Journalism still trying to find its digital niche

In the opening session of the Web 2.0 Summit this week, Spotify investor and former Facebook President Sean Parker said: “The world is changing so quickly that it’s hard – very hard – to get anything right for long.”

He was speaking specifically about online music, but the statement is applicable to any form of digital media, particularly journalism. An industry kicked off-balance by the Internet is now struggling to find its footing as smart phones, social media, tablets and apps rewrite the ways consumers find and even influence news.

Thousands of live experiments are under way as startups, blogs and media titans try to get it right in this rapidly changing world. There are apps, aggregators, traffic mills, tablet magazines and more. Turns out some of the most prominent new media players were on hand at the San Francisco conference to lay out their strategies for redefining journalism in the information age.

Easily the most interesting – and promising – presentation came from Mike McCue, chief executive of Flipboard. The popular iPad app converts tweets, Facebook posts and online articles into what looks and feels like a traditional magazine.

False paths

In a conference focused on how user information is improving the understanding of consumer wants and needs, McCue argued that over reliance on this data can lead businesses down false paths.

He made the case that Web designers and editors have become so focused on traffic and the best ways to drive it that they’ve sacrificed the very heart of journalism: the emotional connection that clean, beautifully displayed content and ads create with readers.

Instead, they cram in as much of both as they can, along with comments, links and anything else that promises to keep readers glued to their site and generating clicks that advertisers take as evidence of engagement. But in the process, it’s transformed a product with an emotional bond into a commodity that often earns little brand loyalty.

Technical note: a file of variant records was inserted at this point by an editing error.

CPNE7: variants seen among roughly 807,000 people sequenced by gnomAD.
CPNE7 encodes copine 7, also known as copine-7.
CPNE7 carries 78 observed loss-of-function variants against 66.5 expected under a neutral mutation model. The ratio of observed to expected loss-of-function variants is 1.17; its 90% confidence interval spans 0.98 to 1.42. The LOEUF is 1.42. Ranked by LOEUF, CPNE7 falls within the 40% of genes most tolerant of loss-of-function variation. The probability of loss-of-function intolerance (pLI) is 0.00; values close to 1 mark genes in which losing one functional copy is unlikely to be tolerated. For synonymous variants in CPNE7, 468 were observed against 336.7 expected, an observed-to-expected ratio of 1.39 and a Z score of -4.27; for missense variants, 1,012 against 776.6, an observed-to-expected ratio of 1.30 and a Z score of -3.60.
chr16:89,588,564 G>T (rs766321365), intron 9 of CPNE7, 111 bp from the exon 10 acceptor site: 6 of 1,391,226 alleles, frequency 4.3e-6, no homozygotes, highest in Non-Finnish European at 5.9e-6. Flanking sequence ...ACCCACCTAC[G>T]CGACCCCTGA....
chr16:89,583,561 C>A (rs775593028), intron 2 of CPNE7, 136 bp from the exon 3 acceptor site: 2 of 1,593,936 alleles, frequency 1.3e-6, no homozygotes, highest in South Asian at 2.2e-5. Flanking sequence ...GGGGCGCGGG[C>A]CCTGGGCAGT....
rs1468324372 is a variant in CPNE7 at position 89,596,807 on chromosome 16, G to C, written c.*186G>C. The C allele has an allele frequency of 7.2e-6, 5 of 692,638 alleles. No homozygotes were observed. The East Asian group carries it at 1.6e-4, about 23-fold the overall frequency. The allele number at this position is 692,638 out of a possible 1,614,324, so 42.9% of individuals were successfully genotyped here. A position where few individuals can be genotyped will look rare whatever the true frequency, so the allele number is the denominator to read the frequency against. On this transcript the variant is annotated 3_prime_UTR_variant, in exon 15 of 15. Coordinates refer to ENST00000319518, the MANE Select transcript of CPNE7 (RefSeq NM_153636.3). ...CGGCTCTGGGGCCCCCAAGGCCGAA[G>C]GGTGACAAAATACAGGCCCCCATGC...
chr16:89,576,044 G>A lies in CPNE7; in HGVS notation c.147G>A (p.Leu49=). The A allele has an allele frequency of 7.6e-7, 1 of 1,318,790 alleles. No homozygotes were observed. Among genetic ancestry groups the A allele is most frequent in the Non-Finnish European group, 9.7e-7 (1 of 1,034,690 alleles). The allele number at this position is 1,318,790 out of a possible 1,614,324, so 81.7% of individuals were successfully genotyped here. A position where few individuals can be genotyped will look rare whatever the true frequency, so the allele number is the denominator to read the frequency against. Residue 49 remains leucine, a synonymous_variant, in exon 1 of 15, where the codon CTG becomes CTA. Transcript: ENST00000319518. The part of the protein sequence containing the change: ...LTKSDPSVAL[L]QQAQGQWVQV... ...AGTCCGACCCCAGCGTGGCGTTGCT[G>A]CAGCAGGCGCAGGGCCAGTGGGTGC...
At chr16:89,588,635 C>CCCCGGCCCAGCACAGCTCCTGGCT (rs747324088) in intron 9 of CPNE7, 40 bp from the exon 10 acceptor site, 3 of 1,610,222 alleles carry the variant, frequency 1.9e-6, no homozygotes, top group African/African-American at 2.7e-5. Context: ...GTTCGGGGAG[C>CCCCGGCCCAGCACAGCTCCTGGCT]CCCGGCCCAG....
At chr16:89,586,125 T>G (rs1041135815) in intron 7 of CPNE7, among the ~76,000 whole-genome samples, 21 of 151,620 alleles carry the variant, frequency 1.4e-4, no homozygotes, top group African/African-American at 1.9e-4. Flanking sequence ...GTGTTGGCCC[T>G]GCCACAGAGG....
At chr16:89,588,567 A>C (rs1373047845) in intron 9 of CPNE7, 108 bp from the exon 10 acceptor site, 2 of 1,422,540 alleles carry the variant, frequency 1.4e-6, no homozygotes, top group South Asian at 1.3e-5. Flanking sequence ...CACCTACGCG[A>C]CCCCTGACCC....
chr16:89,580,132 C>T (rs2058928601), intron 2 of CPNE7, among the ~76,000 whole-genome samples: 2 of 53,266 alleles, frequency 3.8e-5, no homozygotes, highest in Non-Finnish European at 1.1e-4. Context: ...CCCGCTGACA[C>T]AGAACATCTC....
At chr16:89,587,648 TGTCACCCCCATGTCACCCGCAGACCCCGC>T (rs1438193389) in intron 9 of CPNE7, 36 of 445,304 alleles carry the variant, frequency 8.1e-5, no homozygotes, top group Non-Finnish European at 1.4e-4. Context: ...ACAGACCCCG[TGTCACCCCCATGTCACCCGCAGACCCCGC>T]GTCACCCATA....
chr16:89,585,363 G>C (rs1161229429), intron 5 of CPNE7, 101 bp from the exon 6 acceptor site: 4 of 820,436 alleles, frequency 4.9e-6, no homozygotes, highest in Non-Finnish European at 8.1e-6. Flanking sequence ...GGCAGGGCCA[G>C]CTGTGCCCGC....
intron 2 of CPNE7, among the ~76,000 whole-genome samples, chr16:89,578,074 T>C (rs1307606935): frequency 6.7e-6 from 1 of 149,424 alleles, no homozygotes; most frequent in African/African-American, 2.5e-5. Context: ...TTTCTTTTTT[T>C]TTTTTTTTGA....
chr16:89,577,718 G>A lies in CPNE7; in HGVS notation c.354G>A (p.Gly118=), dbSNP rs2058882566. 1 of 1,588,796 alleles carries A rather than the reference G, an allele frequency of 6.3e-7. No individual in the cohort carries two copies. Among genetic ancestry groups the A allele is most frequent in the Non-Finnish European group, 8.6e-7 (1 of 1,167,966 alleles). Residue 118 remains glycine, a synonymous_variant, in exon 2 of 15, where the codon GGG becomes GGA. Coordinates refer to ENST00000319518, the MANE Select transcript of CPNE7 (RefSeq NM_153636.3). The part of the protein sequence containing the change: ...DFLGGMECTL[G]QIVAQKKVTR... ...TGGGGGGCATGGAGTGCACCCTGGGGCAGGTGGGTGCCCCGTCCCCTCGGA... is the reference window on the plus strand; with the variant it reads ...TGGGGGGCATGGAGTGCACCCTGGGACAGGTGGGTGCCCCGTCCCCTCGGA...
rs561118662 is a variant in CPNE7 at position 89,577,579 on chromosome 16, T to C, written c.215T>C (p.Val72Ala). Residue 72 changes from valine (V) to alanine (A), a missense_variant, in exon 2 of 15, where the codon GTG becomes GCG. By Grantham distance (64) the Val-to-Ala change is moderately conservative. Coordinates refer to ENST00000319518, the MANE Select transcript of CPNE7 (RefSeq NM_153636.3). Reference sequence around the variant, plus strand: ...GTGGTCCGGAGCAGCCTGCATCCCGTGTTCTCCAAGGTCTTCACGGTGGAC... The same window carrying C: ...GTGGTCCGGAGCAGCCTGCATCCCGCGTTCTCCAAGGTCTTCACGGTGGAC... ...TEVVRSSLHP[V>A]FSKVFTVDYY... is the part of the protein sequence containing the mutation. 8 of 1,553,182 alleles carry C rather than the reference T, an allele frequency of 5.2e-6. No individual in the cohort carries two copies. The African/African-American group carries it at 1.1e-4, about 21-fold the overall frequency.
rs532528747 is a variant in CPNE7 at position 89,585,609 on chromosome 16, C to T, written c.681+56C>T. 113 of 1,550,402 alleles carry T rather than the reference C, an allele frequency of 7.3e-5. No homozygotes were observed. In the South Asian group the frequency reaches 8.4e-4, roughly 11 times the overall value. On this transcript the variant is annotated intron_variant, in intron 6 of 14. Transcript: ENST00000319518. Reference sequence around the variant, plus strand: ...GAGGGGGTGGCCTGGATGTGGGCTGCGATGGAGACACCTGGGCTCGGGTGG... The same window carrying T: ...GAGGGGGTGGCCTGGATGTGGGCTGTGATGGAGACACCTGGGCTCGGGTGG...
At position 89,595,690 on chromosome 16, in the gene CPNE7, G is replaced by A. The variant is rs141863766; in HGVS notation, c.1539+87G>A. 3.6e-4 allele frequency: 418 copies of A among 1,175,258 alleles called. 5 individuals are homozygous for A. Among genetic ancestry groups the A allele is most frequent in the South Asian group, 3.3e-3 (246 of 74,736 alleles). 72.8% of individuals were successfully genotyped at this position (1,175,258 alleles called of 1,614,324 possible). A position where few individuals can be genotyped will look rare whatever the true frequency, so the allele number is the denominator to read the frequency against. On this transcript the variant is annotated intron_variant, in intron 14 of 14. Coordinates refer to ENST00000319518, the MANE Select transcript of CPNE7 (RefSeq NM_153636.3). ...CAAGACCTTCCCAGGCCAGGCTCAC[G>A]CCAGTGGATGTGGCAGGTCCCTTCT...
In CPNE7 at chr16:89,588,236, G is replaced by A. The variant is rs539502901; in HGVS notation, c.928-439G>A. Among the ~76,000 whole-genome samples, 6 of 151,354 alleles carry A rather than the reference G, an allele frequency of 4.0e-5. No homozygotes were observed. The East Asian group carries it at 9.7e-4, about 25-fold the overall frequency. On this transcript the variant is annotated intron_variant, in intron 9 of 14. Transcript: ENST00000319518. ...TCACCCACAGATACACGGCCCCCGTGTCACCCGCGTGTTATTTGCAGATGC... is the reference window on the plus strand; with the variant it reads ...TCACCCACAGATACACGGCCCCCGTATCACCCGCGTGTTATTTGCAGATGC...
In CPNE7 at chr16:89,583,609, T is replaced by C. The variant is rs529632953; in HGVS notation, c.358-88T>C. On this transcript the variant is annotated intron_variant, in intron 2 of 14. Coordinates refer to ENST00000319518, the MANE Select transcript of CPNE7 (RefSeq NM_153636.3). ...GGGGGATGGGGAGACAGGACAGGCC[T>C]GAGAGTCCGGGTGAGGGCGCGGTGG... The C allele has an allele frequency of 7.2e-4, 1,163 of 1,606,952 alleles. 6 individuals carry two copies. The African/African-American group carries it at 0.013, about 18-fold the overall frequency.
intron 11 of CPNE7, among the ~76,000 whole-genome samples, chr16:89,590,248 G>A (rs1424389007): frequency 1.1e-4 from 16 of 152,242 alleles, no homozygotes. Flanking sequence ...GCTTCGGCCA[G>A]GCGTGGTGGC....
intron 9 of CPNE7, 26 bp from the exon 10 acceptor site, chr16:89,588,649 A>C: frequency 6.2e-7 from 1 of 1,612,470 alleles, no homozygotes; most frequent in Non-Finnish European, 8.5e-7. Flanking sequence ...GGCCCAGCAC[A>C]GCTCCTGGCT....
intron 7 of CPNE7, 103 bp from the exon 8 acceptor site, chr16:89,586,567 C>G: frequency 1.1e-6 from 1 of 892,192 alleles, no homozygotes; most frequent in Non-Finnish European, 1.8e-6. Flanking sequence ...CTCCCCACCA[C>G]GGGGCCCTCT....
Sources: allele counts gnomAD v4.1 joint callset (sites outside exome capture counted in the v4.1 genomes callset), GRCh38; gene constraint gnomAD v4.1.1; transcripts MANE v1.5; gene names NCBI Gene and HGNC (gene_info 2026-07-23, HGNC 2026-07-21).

“We’ve engineered out the soul,” McCue said. “Where’s the emotion, where’s the inspiration? I think that’s something that’s destined to change, and I think it will be great when it does.”

“Interestingly enough,” he added, “the solution has been right under our noses for decades. It’s print: magazines and newspapers.”

The emergence of the tablet, he explained, has ushered in a world where the design-mindedness of a glossy magazine meets the data possibilities of the Internet news site: personalized content, tailored ads, customer insight and interactive features.

Flipboard has already begun to demonstrate the power and possibilities of this new medium. For that matter, so have National Geographic, the New Yorker and Wired, all of which offer beautiful iPad apps that feature compelling stories and pictures alongside rich multimedia.

McCue’s message might just be critical in an era where so many sites have made a science of engineering headlines to lure the most traffic possible, packing them with hyperbole or the trending topics in search engines.

When users click through to find a banal block of text that fails to meet the headline’s provocative promise and stories are lifted wholesale from other news-gathering outlets, what kind of an emotional connection does that create?

These kinds of sites nab traffic by fooling search engines with empty promises. Few people enjoy being mistreated and fewer still reward these sites with the kind of trust journalism outlets need in order to succeed.

But Joanne Bradford, chief revenue officer of Demand Media, a site known derisively as a “content farm,” offered a far different perspective on the topic. Bradford argued that data and expertise will be the savior of online content (I’m not sure I ever heard the word journalism).

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